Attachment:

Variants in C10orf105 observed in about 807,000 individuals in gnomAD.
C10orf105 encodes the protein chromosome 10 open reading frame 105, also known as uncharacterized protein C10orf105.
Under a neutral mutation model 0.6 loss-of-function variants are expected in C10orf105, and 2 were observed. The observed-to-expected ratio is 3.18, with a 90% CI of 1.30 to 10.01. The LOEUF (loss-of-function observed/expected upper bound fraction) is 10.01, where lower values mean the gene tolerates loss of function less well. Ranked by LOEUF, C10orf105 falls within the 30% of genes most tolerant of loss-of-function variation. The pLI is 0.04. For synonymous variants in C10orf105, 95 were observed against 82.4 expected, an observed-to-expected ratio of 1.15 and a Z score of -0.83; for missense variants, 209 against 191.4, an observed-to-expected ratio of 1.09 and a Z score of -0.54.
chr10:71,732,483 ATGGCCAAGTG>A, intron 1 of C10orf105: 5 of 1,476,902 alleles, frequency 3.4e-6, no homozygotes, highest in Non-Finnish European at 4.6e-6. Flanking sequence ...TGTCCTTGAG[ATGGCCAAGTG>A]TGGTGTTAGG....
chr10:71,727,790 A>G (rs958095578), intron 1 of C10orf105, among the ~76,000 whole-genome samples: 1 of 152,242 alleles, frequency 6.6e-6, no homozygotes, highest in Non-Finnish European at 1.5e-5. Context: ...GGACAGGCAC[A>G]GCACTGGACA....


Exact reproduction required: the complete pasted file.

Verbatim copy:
Variants in C10orf105 observed in about 807,000 individuals in gnomAD.
C10orf105 encodes the protein chromosome 10 open reading frame 105, also known as uncharacterized protein C10orf105.
Under a neutral mutation model 0.6 loss-of-function variants are expected in C10orf105, and 2 were observed. The observed-to-expected ratio is 3.18, with a 90% CI of 1.30 to 10.01. The LOEUF (loss-of-function observed/expected upper bound fraction) is 10.01, where lower values mean the gene tolerates loss of function less well. Ranked by LOEUF, C10orf105 falls within the 30% of genes most tolerant of loss-of-function variation. The pLI is 0.04. For synonymous variants in C10orf105, 95 were observed against 82.4 expected, an observed-to-expected ratio of 1.15 and a Z score of -0.83; for missense variants, 209 against 191.4, an observed-to-expected ratio of 1.09 and a Z score of -0.54.
chr10:71,732,483 ATGGCCAAGTG>A, intron 1 of C10orf105: 5 of 1,476,902 alleles, frequency 3.4e-6, no homozygotes, highest in Non-Finnish European at 4.6e-6. Flanking sequence ...TGTCCTTGAG[ATGGCCAAGTG>A]TGGTGTTAGG....
chr10:71,727,790 A>G (rs958095578), intron 1 of C10orf105, among the ~76,000 whole-genome samples: 1 of 152,242 alleles, frequency 6.6e-6, no homozygotes, highest in Non-Finnish European at 1.5e-5. Context: ...GGACAGGCAC[A>G]GCACTGGACA....